royleen said...

Long-time friendships are so precious. My BFF and I met in 1961 when we were in 10th grade. We were very close until she moved to the east coast from California. At that time, long-distance calls were a luxury, but we managed through occasional calls and letters. She experienced a psychotic break in 1979, and I remember crying on the phone because I could not fly to PA and be with her and her husband. Undiagnosed as bipolar until this time in her life, the psychotic break was caused by the wrong meds. Fortunately she got great care and went on to a distinguished career as a teacher. As cell phones and email came into our lives, we were able to once again "talk" everyday. As we did in high school and most of college. We have visited back and forth more often as we had more time and more resources . I remember when she got her drivers license and I was so jealous that she turned 16 a whole year before me! Now I will turn 70 in 2 months, and she will turn 71. She will always be my best friend. We have been through so much together, and hope to make more memories in the future. 56 years of memories so far. Bonus: our husbands like each other!

Mary said...

I am happy that you have had such a lovely reunion with your old school friend. I cannot say the same for myself as I have not stayed in touch with any old school friends. About 10 years ago I did meet up with a few of them, but over dinner at a restaurant, it was clear we no longer had much in common. Their conservative leanings and monetary philosophy were a far cry from my liberal leanings and non-profit worklife, so it wasn't easy to find common ground. None of us made any effort to do so after that dinner. C'est la vie.

lagatta à montréal said...

I'm very happy that she went back for her degree.

Susan said...

I've reconnected with some old friends through Facebook and it has been great fun. Your story of reconnection is a fun one and I am fascinated by Susan and Steve's remarriage.

Duchesse said...

Mary:I had a similar experience meeting an old university roommate last summer. Lunch was pleasant but I don't think we had much common ground.

Royleen: E-mail has been what's made the difference to us being reconnected; we have not yet Skyped. Lovely story about your friend.

Leslie Milligan: Sometimes a person has intentions but intervening events make her less available than we'd wish. I hope she turns up.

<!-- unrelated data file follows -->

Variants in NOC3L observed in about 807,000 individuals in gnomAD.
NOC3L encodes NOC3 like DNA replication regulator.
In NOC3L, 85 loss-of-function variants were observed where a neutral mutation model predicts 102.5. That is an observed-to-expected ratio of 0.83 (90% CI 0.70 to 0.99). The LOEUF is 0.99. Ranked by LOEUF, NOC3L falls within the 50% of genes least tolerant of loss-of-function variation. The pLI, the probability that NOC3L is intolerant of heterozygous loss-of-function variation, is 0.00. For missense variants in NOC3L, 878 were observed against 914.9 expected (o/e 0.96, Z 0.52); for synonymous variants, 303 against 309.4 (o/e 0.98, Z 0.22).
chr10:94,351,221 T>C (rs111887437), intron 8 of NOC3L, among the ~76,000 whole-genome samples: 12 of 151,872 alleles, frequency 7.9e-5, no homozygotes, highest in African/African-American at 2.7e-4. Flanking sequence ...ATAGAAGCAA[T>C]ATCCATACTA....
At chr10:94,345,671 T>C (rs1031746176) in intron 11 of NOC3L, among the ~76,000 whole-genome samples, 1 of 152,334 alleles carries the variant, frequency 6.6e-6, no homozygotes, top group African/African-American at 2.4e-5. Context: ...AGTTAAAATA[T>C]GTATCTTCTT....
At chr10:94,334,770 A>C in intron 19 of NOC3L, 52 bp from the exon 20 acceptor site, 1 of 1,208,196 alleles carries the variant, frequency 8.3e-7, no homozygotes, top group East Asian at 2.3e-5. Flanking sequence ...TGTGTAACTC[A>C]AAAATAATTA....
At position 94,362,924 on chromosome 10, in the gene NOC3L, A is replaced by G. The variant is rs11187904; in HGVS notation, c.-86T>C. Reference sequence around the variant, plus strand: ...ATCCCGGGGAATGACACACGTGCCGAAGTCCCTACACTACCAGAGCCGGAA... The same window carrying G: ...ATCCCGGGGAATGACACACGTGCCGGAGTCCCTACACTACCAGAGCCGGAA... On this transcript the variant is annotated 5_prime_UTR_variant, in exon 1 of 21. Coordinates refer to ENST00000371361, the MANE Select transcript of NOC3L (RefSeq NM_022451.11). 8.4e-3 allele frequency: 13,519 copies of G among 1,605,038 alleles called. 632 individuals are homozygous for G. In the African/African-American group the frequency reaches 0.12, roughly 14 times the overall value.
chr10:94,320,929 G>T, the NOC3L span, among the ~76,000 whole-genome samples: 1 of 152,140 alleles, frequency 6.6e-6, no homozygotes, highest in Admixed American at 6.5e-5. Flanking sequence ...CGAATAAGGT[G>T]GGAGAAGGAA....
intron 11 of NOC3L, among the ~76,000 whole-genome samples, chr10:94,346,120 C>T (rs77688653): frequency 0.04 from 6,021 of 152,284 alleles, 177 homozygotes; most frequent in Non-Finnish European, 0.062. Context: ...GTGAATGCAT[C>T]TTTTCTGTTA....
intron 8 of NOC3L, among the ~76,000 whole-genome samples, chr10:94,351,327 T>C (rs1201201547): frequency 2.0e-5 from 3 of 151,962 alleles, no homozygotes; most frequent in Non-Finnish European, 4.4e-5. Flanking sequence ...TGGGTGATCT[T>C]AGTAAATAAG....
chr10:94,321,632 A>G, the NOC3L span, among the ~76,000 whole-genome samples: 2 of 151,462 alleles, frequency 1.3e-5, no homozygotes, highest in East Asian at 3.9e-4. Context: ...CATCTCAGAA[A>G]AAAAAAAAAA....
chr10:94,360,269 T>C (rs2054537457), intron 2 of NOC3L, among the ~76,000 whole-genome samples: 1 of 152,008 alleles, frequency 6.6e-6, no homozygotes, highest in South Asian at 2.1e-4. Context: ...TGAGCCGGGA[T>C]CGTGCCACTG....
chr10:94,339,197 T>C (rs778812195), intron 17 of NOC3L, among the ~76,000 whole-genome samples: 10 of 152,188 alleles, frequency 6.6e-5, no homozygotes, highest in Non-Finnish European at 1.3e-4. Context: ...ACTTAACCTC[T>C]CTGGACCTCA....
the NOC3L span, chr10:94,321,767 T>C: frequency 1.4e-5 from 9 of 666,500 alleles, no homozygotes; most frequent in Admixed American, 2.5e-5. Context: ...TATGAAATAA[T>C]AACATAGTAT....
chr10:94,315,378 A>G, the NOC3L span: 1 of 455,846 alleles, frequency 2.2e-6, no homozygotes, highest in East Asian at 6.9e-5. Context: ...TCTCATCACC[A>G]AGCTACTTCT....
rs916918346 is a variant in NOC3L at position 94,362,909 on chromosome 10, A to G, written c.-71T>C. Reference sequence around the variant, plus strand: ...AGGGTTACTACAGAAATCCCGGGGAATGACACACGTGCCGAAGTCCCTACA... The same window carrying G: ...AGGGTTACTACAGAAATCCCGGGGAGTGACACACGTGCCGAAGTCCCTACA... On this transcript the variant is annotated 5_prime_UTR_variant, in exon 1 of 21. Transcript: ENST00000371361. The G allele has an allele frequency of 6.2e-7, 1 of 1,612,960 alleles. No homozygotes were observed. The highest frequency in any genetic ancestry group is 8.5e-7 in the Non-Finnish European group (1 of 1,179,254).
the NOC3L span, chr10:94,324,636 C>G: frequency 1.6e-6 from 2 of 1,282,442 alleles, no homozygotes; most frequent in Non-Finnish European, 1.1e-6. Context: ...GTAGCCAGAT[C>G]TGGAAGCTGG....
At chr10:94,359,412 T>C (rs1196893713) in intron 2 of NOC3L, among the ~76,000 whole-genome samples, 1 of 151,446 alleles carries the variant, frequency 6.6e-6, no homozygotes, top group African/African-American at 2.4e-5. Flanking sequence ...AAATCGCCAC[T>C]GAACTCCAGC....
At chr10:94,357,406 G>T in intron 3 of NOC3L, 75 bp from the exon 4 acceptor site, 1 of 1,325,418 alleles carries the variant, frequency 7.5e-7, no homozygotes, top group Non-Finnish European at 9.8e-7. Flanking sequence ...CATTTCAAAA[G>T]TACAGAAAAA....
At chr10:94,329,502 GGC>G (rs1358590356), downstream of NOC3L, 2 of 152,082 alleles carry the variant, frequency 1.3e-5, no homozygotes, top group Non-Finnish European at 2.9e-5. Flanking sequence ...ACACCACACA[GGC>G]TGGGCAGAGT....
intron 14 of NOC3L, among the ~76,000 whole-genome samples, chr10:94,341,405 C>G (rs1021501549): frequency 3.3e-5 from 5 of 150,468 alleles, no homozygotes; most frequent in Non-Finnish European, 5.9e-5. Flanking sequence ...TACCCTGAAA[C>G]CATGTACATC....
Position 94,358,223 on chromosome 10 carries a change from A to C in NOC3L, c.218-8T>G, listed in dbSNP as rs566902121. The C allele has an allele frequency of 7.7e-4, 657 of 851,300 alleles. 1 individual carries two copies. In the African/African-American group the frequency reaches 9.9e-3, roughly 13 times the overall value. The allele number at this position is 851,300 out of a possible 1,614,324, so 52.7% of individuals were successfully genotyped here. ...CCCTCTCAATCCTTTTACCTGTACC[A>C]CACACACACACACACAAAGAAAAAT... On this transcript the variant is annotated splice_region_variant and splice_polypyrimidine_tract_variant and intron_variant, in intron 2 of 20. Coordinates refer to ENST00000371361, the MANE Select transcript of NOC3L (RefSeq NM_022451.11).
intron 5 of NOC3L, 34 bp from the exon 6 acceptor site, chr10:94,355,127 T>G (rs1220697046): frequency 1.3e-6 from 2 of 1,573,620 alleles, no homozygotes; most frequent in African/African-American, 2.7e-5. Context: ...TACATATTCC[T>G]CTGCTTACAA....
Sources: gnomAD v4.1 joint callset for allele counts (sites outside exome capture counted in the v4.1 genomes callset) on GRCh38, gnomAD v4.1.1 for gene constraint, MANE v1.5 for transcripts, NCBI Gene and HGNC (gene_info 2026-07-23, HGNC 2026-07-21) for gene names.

hostess: She wanted the divorce, and takes full responsibility for that poor decision. She was exhausted by three children close in age, plus full time work, then her father suddenly died and she just fell apart. Divorce seemed like a solution but in this case was not.

Lagatta: Yes. Susan had always wanted to be a nurse, began her training after high school, but dropped out of program to be with her three children. She finished her degree after the youngest was school age.

Bunny said...

I've recently connected with someone from my high school, which was quite a small school. We were not close friends in HS.She was a jock, great athlete, and I was an artsy brainy type. But we were all part of a graduation class of about 65 young women. Reconnecting came through FB and it has been a delight to find out we share the same political views and that strong Catholic upbringing. She has a very dear friend who has the same illness I have in my face and wrote a post on how difficult it was to see her friend suffer. I mentioned I knew what it was like as I had the same. That led to private messages and much convo. I agreed to speak with her friend and offer support. I am so glad this happened and something good came out of my suffering. You just never know who you can effect people and how your experiences can bring them comfort, joy, understanding and so much more. It's been a really nice experience. I love how today we can reconnect with old friends from years back. It's all really quite amazing.

Carol in Denver said...

Our Girl Scout troop from high school had a reunion for our 70th birthdays. It was so COMFORTABLE being with each other again! We spent a few days in Albuquerque, some of us climbing high ladders to explore the caves of ancient peoples, others of us shopping, visiting museums, etc. Lots of talking and catching up, so much fun. After years of scant communication, we now mostly keep in touch via email and a few letters at Christmas.

Beth said...

Great story, well told. And it felt like a bright spot amid so much not-happy news of late. Here's to love, whenever and wherever, never mind the gaps in between!

Mardel said...

Great story. I reconnected with an old friend from high school some time ago, but have not been good in keeping in touch the last few years. Time for that to change. But I do think the process of aging helps us in connecting and reconnecting